The Committee on Foreign Investment in the United States (“CFIUS”) has proposed a new rule which extends, for an additional year, the date by which CFIUS will make a determination regarding which countries will be exempt from certain CFIUS filing requirements as “excepted foreign states” or “excepted real estate foreign states.” This extension gives countries that have not yet implemented stronger foreign investment review processes, such as the United Kingdom (“UK”), more time to meet CFIUS’s requirements for designation as an “excepted foreign state” or “excepted real estate foreign state.”
The 2018 Foreign Investment Risk Review Modernization Act (“FIRRMA”) expanded CFIUS jurisdiction to include transactions involving less than controlling “covered investments” and “covered real estate transactions.” The CFIUS regulations, however, carve out an exception to this expanded jurisdiction for investors from certain “excepted” foreign states.
The initial list of “excepted” foreign states designated by CFIUS in January 2020 included only Canada, Australia, and the UK “due to aspects of their robust intelligence-sharing and defense industrial base integration mechanisms with the United States.” However, in order for these foreign states to remain on (or additional foreign states to be added to) this initial list after February 12, 2022, CFIUS must first make a determination that the foreign state has “established and is effectively utilizing a robust process to analyze foreign investments for national security risks and to facilitate coordination with the United States on matters relating to investment security.” The proposed rule extends the date by which CFIUS must make such a determination to February 12, 2023. This extension would allow CFIUS to continue to afford “excepted” status to Canada, Australia, and the UK, as well as add additional foreign states to this “excepted” list, without first making a determination regarding the efficacy of each foreign state’s process to analyze foreign investments for national security risks.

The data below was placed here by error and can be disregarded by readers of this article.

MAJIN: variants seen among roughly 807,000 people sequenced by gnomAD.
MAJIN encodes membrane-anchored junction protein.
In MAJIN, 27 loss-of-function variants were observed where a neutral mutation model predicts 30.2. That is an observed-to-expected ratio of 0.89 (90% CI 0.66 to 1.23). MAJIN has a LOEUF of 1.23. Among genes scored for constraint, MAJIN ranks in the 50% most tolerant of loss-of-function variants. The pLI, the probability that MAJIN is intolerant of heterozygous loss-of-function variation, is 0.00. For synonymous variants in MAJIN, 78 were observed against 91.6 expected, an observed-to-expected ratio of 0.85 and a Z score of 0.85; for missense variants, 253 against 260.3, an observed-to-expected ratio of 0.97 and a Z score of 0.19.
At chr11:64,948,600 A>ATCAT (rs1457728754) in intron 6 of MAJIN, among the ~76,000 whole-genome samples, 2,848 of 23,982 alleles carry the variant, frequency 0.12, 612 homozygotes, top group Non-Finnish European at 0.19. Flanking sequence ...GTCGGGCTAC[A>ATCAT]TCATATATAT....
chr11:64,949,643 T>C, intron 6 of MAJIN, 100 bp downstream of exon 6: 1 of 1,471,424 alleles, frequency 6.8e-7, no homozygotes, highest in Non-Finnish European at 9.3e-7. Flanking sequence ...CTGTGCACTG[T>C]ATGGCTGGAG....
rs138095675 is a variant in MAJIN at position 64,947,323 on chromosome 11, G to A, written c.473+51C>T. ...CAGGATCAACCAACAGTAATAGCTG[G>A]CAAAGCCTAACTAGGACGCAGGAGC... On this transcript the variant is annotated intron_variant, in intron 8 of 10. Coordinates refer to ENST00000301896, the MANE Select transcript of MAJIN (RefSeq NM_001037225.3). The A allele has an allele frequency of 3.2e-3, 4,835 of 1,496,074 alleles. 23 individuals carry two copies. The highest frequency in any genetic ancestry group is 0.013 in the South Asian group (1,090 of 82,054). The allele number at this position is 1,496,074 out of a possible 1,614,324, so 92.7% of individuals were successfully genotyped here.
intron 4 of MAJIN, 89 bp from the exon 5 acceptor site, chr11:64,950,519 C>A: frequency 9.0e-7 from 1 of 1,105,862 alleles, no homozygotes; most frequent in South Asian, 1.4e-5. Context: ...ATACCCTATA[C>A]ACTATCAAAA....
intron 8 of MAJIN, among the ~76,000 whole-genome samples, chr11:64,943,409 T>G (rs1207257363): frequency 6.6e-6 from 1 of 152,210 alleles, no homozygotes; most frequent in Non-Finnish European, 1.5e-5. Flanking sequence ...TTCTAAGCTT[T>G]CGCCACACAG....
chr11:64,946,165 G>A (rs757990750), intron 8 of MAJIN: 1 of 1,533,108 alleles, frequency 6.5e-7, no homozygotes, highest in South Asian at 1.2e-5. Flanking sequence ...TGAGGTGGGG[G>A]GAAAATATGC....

The proposed one-year extension most clearly benefits the UK, whose 2021 National Security and Investment Act does not come into full effect until January 4, 2022, leaving little time to demonstrate effective utilization of the process. This grace period could also benefit other U.S. allies who are seeking to be added to the “excepted” list while their own foreign investment review processes mature. For example, in June 2020, Japan passed the Foreign Exchange and Foreign Trade Act, and in May 2021, Germany adopted new rules to implement the European Union’s Foreign Direct Investment Screening Regulation. Both of these actions are designed to strengthen each nation’s foreign investment review process.